Take the leap.

Gulliver’s Travels

Last night I was pushing my son home in his stroller, and bargained a story in exchange for my glasses case, which he was snapping open and shut in ways that were dangerously close to destroying it. Given my aversion to accumulating “stuff,” I did not want to go and get a new case just because the one I had was broken in a fit of play. So when he handed it over, I tried really hard to think of a good story. Not finding anything original coming to mind immediately, Gulliver popped into my brain.

“Then the Lilliputians tied him up! His hair, his hands, his feet, with their tiny tools, and they put so many things around him, that when he woke up, he couldn’t move!!!”


“Because he was tied down!”


And later, he would go to a place where he was the little person! Imagine that! Going from one end to the other, extreme to extreme, and finding that all along the way the only thing that’s different was his….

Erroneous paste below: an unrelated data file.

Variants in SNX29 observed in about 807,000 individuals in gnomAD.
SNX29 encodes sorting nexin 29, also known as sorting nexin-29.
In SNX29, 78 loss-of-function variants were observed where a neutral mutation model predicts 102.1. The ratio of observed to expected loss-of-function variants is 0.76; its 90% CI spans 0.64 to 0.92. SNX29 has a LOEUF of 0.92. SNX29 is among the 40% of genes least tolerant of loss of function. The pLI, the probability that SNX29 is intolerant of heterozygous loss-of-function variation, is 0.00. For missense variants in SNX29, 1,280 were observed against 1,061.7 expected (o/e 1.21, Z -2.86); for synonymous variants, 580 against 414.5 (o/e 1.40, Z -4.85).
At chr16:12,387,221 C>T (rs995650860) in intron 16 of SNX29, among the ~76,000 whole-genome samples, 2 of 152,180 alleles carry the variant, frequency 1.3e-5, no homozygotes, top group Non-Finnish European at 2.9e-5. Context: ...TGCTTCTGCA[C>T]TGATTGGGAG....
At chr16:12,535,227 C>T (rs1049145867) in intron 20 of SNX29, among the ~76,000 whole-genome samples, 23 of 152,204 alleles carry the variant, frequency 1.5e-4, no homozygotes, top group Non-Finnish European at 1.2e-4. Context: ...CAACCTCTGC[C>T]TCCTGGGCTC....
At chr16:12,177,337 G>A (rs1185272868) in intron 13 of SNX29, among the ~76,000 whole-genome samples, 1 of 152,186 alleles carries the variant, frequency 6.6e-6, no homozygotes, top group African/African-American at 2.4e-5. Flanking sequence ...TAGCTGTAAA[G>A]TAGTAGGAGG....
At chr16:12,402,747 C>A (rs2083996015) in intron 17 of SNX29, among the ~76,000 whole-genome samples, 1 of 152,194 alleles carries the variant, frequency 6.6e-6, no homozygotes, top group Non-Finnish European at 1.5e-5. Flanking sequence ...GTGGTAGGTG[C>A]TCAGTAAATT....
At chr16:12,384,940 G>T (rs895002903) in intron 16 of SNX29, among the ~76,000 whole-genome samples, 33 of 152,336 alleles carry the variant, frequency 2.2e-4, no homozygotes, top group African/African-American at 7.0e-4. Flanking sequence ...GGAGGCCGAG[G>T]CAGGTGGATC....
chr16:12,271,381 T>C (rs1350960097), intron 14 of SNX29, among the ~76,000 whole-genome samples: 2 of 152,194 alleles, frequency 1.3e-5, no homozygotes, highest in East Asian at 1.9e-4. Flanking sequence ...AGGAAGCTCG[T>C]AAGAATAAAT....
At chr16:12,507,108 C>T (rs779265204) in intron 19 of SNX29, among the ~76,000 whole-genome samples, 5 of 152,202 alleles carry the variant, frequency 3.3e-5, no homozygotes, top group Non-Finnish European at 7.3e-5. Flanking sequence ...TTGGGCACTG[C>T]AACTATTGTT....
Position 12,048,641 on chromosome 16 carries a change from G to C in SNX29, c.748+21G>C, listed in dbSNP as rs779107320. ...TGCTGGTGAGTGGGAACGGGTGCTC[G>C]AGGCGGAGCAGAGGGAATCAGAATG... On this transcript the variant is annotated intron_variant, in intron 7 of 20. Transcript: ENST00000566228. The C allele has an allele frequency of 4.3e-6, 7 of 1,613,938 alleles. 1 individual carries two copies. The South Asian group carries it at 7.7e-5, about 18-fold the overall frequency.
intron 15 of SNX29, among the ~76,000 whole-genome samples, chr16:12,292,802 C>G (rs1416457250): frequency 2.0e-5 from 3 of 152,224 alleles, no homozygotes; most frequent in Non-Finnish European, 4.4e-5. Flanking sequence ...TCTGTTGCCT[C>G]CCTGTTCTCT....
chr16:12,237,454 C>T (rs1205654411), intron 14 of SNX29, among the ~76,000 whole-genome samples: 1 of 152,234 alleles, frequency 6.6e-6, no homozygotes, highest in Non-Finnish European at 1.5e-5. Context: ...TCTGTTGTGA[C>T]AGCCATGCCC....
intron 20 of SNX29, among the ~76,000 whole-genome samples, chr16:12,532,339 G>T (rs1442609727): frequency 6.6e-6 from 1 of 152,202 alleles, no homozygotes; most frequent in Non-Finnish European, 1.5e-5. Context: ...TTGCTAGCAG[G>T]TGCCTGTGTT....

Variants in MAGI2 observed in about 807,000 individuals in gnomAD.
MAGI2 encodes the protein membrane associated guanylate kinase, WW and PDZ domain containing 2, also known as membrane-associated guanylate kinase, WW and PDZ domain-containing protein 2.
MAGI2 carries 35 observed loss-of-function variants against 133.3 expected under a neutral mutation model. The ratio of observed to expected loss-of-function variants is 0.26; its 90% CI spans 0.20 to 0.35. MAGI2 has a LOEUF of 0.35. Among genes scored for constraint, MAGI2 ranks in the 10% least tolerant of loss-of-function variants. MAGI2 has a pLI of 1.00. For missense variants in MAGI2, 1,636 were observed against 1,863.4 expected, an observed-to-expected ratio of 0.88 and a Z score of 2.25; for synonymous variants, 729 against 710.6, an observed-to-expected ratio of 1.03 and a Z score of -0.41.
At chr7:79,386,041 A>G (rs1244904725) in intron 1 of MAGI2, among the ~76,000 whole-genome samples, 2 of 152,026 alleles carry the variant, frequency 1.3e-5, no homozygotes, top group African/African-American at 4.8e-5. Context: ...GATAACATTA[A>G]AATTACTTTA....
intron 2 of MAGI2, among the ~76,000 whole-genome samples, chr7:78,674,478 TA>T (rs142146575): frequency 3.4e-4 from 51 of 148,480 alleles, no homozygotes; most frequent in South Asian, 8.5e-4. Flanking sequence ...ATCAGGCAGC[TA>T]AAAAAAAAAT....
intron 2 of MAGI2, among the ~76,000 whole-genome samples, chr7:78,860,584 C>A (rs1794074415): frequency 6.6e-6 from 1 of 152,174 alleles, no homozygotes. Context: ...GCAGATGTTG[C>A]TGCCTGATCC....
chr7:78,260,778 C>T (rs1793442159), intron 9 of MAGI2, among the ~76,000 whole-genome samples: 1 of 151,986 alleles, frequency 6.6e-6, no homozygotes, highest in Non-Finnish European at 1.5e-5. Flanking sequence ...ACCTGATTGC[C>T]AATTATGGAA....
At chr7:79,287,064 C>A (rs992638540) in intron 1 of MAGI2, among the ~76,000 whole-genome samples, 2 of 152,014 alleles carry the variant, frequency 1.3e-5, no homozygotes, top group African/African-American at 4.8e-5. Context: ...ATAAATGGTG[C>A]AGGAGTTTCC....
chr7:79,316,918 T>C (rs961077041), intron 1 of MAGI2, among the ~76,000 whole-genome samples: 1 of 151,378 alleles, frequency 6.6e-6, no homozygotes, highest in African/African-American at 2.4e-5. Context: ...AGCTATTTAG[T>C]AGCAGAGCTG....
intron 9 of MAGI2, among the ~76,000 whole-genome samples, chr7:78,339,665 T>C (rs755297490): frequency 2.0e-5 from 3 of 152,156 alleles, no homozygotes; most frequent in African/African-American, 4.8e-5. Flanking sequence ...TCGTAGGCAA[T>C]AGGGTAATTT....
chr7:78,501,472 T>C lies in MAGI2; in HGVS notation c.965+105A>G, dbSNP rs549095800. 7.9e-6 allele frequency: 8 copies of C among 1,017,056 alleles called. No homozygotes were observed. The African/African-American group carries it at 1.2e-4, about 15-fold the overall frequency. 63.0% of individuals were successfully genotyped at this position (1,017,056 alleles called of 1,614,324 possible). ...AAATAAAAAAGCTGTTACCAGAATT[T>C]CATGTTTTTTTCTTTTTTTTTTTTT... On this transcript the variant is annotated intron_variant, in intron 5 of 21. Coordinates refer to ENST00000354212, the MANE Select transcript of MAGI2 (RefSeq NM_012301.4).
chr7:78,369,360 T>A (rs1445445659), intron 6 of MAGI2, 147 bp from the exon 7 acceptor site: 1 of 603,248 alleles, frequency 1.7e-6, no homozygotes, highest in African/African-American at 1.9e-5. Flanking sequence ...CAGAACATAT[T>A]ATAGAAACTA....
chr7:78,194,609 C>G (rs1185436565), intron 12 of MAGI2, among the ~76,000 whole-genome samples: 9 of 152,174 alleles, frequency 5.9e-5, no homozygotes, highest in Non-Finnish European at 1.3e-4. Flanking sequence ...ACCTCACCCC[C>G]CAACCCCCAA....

And finding that Orangutan Swing dialogues are about giving people space and time to think about and consider new angles, whether bird’s eye, or worm’s eye, or simply scalar, I hit upon an insight.

We are going to go out and reread Gulliver’s travels.

Put that on the library queue, I told Akira when we got home.

It’s time to revisit some stuff, because metaphor is important! Because metaphor helps people understand what this whole dialogue design thing is about! Because without dialogue, the little Lilliputians might have been stamped and stuff, but with conversation and understanding, they weren’t! Imagine! What if…

And there is more to say here, but I don’t want to spill before I get a chance to revisit the book, and process some thoughts, so you guys get the “best of” notes instead of my rambles (like this one.) Still, I’m curious — what do you think about the idea of Gulliver and his travels and perspective, and dialogue, and thinking about how to set up the problem so you get some great results instead of just mediocre ones like we do in so many projects in our day-to-day jobs at work because no one is thinking or saying, “Hey, this could be soooo much better!”